They give away fantastic amounts of money, and I don’t care what Penarol says, if my options are: 33% chance at half a million, 66% chance at enough money to take the family out to dinner, or 100K, I would take the 100K. Whatever, they are offering some schlub from Ohio three times the average household income or the chance to tell people you almost had half a million. There are train-wrecks and big winners, and really hot girls, that even your girlfriend won’t get mad about. Reality TV may not be intelligent or particularly compelling to you or me, but there is a reason why Americans love it so much… We all think we are going to make it big some day, and having an idiot like Howie give it to us is probably the best hope for some of us.

    P.S. Greg, I got the reference.

  9. 12.  I’m not ashamed to admit that I watch it occasionally. It’s harmless, kid-safe (I have toddlers), and it passes Bill Simmons’ cooking segment test. (Everyone thinks its stupid, but once the fire gets going it’s hard to turn the channel. You WANT to see the host’s face when they take a bite of the hastily prepared concoction.)

    When you get down to it, it’s “Who wants to be a millionaire” for stupid people. Not that the viewing audience is (necessarily) stupid, but like someone said earlier it’s like watching a train wreck. Basically, I root for these idiots to lose. When someone has 300k, 1k, and 50 bucks left, and they ponder an offer of 95,000…tell me you’re going to turn off the TV. You WANT to see them turn it down, then have the 300k come up so that person can take 200 bucks home and be ridiculed for the rest of their lives. What’s not fun about that?

    On the flip side, there’s also the “butcher wins the lottery” spectacle, too, where someone might go home with several hundred thousand dollars. The emotion from case to case is intriguing.

    It’s not for everyone, though, obviously.

  10. 13.  I can’t think of anyone who has ever defended watching that show, except for my 9-year old

    Stupid kids

  11. 14.  11. It is fine to make that choice, it just means you are risk averse. The problem I had was with jmoney and Greg Brock calling the contestants stupid for making the smart choice from a risk neutral perspective.

  12. 15.  Quite simply, there is no explanation for the viewing habits of the american public.

  13. 17.  14 – I don’t know if that is necessarily correct. I think the whole premise of the show lends itself to risk adversion. 33% chance of 100 Dollars, 33% chance of 1000 and 33% chance of 500K equals an expected value of 167 thousand, the offer would probably be 170K in that situation. I imagine that the algorythm the banker uses is probably expected value+1, rounded up to the next whatever.

  14. 18.  17. Like I said, it might have changed since I watched it in the beginning, but the times I saw it, the offer was always less than the expected value, by a substantial margin in the beginning, somewhat less so than in the end. My guess was always that it was so low in the beginning in order to ensure that no deal would be taken, otherwise the drama of the show would be lost.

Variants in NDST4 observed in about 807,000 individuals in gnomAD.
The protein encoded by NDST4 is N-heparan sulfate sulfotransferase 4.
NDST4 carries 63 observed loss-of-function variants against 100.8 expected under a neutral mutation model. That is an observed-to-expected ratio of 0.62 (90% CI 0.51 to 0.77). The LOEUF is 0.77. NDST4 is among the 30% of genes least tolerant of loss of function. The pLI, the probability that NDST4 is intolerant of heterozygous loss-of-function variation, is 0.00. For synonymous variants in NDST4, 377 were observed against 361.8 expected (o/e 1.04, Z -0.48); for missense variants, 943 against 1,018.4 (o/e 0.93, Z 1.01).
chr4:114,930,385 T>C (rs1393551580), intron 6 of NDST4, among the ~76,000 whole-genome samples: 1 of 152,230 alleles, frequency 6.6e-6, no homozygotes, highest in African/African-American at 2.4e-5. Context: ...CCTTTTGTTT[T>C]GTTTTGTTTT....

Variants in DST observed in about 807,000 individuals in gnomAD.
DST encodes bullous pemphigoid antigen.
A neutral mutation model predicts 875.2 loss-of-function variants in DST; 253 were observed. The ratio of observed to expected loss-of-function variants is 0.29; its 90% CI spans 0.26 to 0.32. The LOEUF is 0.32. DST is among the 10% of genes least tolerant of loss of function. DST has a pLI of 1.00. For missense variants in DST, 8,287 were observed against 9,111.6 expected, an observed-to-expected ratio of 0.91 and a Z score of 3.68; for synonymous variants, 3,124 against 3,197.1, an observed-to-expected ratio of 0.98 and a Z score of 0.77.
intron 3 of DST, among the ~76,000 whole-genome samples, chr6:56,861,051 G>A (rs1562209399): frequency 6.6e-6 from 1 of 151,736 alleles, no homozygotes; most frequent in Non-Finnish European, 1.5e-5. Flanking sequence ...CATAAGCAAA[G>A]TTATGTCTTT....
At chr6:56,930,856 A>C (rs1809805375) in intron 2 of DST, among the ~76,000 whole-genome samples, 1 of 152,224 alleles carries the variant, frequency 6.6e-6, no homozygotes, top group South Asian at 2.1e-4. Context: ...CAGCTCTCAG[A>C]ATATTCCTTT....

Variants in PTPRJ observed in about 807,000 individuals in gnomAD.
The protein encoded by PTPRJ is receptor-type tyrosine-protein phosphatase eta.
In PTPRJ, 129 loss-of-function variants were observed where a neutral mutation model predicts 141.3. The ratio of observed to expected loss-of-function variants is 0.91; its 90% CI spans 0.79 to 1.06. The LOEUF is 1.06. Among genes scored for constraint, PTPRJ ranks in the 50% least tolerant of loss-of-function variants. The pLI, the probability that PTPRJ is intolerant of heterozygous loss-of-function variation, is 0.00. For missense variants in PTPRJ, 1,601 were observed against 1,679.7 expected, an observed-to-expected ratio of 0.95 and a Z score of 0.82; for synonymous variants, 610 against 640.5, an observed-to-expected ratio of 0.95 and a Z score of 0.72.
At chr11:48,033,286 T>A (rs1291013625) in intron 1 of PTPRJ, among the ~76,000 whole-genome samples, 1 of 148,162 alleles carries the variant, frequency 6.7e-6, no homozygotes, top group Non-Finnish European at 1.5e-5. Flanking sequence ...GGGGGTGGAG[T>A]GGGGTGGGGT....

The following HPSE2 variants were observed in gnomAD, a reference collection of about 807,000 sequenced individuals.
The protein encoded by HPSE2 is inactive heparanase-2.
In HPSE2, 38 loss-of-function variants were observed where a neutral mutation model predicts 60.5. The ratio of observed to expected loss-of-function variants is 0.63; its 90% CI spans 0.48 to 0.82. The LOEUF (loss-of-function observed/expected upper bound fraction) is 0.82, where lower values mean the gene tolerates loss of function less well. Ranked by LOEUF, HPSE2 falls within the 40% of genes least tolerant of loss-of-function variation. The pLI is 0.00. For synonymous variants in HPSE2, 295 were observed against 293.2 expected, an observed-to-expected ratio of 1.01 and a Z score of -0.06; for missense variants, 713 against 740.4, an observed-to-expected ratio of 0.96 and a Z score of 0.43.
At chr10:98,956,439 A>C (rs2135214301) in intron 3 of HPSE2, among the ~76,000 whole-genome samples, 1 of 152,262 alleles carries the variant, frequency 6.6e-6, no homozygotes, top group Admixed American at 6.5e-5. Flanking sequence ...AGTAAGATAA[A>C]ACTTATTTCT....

15. 19.  It’s a train wreck because of the way they attempt to extract 30 minutes of TV out of a 2 minute scenario. It’s a train wreck because every fool that gets up there feels the need to jump around and make a big production out each decision that only needs to take 10 seconds to figure out. It’s a train wreck because they attempt to make it appear to be a skill in picking the “right” case instead of dumb luck.

    What’s mildly interesting is the offers given by the “banker”. One guy here at work even put a SS of offered vs. expected values. As suggested in 18, it’s designed to to have the player not take the deal in order to highten the drama.

    Now, Gold Case…that’s a game show 🙂

  16. 20.  Look, what could be more American than having the chance to get filthy rich by doing nothing, and having the whole scenario mean you get to be on TV and get some casual help from a model?

    I’m waiting for the game show where someone who is a drunk till he’s 40 and a failure at numerous businesses gets to be President.

  17. 21.  20 Now that is fine american television waiting to happen. Go to hollywood and sell that script, now.

  18. 22.  HAY!

    No talking down PLINKO!

    That was always my favorite game on The Price is Right.

    As far as Deal or No Deal, I need to put it in the same catewgory as “Night at the Museum”, “The Bachelor”, and whatever Jim Belushi’s show was. No answer, and no accounting for taste.

    OK, I’m going to go play my home version of PLINKO.

  19. 23.  A point of clarification, I haven’t seen too much of the show, but the banker offers you far less than the expected value. If you had a 1/3rd shot at $500k, you’d be offered less than $167k. If the other cases are really low ($1 and $500), I’d guess that they’d offer you $100k or less. That’s the excitement.

    As far as the “Please Explain” answer– it’s a game show. What do you expect?

  20. 24.  Finally checking back.

    Go to George Y at comment 20, as it is really funny and illuminating at the same time.

    I don’t think all game shows are dumb. As I mentioned, I understood much of the original sensation to Who wants to be a millionaire. Not a big fan of the weakest link, but it had some interesting social experiments in the rules.

    This Deal or No Deal farce requires no real brain power and doesn’t even pit one player against others. It takes about as much skill as playing a scratch-off lottery ticket.

  21. 25.  Go to George Y at comment 20, as it is really funny and illuminating at the same time

    Just read it. Nice work, G.

  22. 26.  I’m sure this is posted somewhere, but I’m almost positive that mathematically speaking “deal” is almost always the worse choice. of course, as my fiance constantly reminds me, you only get to play once, and the difference between $100 and $100,000 is a lot bigger than $100,000 and $1 mil psychologically.